S.Africa’s Amplats fires 12,000 strikers, union leader shot
JOHANNESBURG, (Reuters) - South Africa’s Amplats fired 12,000 wildcat strikers yesterday, a high-stakes attempt by the world’s biggest platinum producer to push back at a wave of illegal stoppages sweeping through the country’s mining sector and beyond.
Later on, a trade union leader was shot dead near a mine run by platinum producer Lonmin in a potentially explosive escalation of the two-month-old violent labour unrest that took the death toll to 49.
National Union of Mineworkers (NUM) spokesman Lesiba Seshoka said the NUM branch leader had been killed “execution style” in the evening but gave no further details.
A six-week stoppage at Lonmin in August and September erupted out of a turf war between the NUM and the more militant Mineworkers and Construction Union (AMCU), which accuses the NUM of acting for its government allies rather than its members.
The hefty hikes won by workers from that saga has been a red rag to others while anger has been stoked by the killing of 34 miners in a hail of police bullets outside Lonmin’s Marikana mine in an incident that evoked apartheid-era shootings.
The sackings at Amplats (Anglo American Platinum) yesterday triggered a sharp fall in South Africa’s rand as investors dumped the country’s assets.
The rand fell as much as 4 percent to 3-1/2 year lows after Johannesburg markets closed, adding to the mounting toll inflicted on Africa’s biggest economy.
Strikes have spread beyond the mining sector, with Shell saying on Friday it would not be able to honour contracts to deliver fuel near Johannesburg because of a trucking strike.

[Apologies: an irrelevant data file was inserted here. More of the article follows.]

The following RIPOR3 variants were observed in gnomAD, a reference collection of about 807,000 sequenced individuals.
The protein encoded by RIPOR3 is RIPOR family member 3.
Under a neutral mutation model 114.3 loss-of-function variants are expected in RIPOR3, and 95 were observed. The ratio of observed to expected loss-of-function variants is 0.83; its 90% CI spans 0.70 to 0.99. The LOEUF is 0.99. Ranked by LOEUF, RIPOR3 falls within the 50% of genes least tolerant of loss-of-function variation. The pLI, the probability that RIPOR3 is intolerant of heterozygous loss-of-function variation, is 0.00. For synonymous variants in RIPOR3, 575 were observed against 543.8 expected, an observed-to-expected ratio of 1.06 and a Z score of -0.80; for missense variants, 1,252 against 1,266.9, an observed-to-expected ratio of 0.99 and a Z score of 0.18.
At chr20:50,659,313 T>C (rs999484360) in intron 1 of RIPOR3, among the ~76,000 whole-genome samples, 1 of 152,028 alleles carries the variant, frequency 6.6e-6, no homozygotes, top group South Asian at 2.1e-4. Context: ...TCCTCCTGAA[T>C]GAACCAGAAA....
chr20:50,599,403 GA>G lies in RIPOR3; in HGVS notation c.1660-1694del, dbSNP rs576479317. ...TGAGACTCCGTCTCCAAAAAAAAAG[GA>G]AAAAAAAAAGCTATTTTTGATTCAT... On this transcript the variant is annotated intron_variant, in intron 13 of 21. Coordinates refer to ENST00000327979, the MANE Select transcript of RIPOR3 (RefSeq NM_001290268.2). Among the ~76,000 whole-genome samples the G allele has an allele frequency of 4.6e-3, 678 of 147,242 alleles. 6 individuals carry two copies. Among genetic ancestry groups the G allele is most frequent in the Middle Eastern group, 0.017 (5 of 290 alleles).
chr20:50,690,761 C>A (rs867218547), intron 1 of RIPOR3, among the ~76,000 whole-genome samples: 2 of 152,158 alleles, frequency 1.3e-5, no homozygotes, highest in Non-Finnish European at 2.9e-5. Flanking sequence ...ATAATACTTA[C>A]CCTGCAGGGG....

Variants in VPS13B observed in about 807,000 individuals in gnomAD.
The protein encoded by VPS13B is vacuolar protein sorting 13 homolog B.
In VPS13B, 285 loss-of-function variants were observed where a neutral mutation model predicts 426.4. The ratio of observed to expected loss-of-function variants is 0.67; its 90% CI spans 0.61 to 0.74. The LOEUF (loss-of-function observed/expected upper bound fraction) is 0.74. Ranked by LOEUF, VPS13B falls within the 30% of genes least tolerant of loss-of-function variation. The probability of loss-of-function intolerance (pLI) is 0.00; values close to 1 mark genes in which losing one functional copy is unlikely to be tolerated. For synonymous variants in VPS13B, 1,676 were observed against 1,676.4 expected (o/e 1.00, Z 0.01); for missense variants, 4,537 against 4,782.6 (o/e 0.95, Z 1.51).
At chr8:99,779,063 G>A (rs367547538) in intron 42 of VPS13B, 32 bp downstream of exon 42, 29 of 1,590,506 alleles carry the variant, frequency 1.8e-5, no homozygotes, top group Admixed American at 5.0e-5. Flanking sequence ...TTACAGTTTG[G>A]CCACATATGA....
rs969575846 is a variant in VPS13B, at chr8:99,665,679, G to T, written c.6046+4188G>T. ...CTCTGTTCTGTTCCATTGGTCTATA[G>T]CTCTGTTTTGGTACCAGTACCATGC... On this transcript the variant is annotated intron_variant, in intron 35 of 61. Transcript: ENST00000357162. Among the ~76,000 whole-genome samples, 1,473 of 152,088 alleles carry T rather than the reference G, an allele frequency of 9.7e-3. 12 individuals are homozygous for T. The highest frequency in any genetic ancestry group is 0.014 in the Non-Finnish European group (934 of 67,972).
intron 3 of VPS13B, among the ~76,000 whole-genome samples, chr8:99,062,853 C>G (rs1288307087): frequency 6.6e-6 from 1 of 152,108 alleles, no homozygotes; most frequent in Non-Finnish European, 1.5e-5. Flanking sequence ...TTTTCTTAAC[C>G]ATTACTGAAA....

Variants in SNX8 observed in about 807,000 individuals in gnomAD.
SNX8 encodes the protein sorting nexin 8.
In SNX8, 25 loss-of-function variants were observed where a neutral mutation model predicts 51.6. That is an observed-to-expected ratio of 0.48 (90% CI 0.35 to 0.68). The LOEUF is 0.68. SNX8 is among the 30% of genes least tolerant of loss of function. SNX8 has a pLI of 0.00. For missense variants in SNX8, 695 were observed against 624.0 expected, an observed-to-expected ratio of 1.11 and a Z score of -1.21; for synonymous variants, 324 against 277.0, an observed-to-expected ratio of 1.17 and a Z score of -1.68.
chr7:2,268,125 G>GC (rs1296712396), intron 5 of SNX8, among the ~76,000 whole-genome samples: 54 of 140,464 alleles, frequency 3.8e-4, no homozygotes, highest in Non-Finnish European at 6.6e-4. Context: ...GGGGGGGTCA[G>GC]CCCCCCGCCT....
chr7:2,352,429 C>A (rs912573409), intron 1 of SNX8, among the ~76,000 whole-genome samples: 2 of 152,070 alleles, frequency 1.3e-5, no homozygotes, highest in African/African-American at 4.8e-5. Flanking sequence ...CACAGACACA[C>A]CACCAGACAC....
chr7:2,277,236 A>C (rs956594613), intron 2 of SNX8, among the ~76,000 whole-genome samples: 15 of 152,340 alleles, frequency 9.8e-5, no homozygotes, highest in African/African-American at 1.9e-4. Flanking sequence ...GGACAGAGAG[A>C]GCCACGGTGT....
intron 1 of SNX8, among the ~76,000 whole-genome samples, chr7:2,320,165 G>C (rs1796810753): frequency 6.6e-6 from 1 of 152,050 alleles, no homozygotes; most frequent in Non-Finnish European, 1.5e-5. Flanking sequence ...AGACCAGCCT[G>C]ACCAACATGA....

The unrest is causing political trouble for President Jacob Zuma and his ruling African National Congress (ANC), the veteran liberation movement with long-standing ties to labour unions.
“You fire 12,000 people, and it’s like ‘Oh my god, what happens now?’“ one Johannesburg-based currency strategist said.
When rival Impala Platinum fired 17,000 workers on an illegal strike rooted in the NUM/AMCU struggle, it led to a violent six week stoppage in which the company lost 80,000 ounces in output and platinum prices jumped 21 percent.
The wage deal that followed the killings at the Marikana mine in August triggered copycat demands in gold and iron ore.
“Amplats had been giving signals that it was going to hold the line after Lonmin had folded – but it’s a huge gamble,” said Nic Borain, an independent political analyst.
“Someone had to take it on the chin or this would have kept on unravelling and spread through the economy. It’s difficult to know whether this causes the unrest to spread or whether it takes some of the sting out of it. It could go either way.”